Thursday, March 26, 2009

Muddling Balochistan by Zaresh Khan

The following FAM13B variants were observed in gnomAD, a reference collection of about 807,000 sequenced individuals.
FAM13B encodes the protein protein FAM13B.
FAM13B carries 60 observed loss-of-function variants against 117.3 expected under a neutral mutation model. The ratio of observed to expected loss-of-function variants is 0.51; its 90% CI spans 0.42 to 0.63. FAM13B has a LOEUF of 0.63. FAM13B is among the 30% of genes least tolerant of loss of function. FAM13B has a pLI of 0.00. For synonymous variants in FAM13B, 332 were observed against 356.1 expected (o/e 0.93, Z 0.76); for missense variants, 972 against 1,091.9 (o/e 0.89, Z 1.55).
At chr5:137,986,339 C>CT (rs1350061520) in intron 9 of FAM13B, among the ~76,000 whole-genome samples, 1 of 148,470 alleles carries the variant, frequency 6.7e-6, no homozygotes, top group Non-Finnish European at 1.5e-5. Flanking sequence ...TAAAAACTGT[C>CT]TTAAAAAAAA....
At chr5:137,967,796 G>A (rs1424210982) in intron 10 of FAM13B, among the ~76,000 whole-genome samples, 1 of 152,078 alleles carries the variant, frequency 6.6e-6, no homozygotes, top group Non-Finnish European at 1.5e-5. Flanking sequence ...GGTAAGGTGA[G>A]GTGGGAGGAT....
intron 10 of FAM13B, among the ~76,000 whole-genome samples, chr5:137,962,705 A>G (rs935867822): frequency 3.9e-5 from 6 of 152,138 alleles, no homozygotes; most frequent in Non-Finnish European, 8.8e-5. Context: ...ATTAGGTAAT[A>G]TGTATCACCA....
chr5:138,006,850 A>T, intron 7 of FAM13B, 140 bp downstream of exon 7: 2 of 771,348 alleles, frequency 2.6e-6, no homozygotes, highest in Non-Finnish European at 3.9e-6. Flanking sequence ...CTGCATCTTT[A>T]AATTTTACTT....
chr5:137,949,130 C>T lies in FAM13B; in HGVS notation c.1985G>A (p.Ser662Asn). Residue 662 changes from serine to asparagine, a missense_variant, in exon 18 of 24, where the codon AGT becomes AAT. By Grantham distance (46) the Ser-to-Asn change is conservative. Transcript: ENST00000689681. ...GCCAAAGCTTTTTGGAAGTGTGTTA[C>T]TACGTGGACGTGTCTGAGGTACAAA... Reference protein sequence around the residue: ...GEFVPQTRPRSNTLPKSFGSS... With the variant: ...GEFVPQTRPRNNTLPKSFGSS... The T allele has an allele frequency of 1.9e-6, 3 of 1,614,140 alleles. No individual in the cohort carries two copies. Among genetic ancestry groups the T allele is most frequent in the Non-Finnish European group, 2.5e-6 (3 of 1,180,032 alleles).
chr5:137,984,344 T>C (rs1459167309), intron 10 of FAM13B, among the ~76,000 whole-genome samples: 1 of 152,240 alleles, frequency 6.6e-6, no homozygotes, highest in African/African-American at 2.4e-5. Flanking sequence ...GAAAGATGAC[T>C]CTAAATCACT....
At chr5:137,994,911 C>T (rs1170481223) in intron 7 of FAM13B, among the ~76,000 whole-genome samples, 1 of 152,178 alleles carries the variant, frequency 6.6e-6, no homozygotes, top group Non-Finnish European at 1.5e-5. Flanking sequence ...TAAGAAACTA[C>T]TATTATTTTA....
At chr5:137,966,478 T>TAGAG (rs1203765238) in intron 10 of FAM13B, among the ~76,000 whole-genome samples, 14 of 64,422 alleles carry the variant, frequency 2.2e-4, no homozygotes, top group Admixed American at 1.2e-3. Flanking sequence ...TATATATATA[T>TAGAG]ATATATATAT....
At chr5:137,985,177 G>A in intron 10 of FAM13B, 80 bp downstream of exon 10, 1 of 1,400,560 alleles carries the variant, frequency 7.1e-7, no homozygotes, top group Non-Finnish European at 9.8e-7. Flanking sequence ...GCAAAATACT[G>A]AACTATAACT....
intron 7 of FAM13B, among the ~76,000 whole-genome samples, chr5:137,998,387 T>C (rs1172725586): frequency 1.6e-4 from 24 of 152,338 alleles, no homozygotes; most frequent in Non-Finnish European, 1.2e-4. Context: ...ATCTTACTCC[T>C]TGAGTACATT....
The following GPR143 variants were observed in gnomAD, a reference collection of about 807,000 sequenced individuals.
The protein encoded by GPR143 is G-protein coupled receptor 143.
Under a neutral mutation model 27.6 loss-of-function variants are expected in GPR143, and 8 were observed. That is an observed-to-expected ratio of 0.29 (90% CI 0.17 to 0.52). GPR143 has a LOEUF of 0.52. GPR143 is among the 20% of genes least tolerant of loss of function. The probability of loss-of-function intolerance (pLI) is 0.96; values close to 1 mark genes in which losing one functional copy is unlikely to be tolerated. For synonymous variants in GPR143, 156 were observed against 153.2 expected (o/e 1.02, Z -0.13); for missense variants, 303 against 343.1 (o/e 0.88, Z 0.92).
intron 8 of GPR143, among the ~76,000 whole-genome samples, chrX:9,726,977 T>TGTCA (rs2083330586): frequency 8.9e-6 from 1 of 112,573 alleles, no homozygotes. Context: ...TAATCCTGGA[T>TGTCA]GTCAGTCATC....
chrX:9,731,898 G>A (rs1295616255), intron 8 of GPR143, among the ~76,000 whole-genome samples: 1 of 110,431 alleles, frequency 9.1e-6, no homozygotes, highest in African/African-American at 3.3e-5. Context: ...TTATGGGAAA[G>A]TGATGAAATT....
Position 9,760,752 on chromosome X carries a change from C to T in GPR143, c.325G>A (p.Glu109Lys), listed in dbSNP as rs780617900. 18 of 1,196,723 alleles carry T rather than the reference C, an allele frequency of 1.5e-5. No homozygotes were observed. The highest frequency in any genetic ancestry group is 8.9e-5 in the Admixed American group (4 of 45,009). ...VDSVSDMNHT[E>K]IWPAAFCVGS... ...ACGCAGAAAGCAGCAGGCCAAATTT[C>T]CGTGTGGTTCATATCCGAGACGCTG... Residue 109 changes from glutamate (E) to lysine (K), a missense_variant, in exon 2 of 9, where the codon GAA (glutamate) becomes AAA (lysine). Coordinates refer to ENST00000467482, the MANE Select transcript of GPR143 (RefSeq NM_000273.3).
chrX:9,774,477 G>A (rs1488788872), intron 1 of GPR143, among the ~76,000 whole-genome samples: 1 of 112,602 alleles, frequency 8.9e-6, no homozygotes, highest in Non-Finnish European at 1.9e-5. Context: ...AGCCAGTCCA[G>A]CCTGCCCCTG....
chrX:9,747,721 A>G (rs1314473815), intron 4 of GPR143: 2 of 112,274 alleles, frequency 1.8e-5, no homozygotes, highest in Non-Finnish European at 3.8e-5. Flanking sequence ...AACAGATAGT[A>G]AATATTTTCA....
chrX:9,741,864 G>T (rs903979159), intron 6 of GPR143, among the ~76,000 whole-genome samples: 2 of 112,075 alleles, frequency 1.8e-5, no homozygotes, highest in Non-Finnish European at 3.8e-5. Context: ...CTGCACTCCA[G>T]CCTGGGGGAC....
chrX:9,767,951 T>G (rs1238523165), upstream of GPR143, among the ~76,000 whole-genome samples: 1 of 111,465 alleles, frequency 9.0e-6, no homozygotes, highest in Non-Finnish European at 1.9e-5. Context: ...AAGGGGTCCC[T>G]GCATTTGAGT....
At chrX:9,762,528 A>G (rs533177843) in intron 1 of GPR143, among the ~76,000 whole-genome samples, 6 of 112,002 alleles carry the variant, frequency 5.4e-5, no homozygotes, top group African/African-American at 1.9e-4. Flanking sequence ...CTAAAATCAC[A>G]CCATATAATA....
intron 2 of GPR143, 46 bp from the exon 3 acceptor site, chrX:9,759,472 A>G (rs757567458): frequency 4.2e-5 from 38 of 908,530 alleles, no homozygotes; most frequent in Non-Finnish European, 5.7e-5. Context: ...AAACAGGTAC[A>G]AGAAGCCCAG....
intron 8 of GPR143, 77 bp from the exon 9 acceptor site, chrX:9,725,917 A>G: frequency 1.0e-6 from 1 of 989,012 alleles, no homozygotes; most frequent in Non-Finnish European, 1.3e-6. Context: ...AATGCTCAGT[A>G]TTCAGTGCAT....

Quetta, the provincial capital of Balochistan just 100 kms from the Afghan frontier, has been a magnet for the Afghans fleeing fighting and drought for over two decades. After 9/11, the city has once again become the center of the Taliban activities (as alleged). Mullah Omar, supreme leader of the Talibans and Mullah Dadullah, who was killed in May 2007, were regular visitors to the city. But President Musharraf earlier and President Zardari Presently rejected all these reports saying that Pakistan’s military and civilian leaders publicly deny any government ties to militant groups. The President had claimed that American CIA and ISI jointly operated in Quetta and during their presence; it is not possible for the Talibans to make the city their safe heaven. Later the American officials agreed that there is no concrete proof of presence of Mullah Omar or the Talibans in Quetta. They further said that it is unlikely that top officials in Islamabad are coordinating the clandestine efforts. However, Chinese activities in Gwadar have made some discomfort in Washington. Geo-strategically and economically speaking, Balochistan is a very important province of Pakistan. It commands vast natural resources in its soil and its surrounding areas, Afghanistan and Central Asian countries are also rich in natural resources. But many of these countries are landlocked and Balochistan is their route to the sea and the world. Now keeping in mind the economic and strategic significance of Balochistan, the proposed drone attacks on Quetta will be a threat to the strategic interests of not only Pakistan but also of other players particularly the United States of America.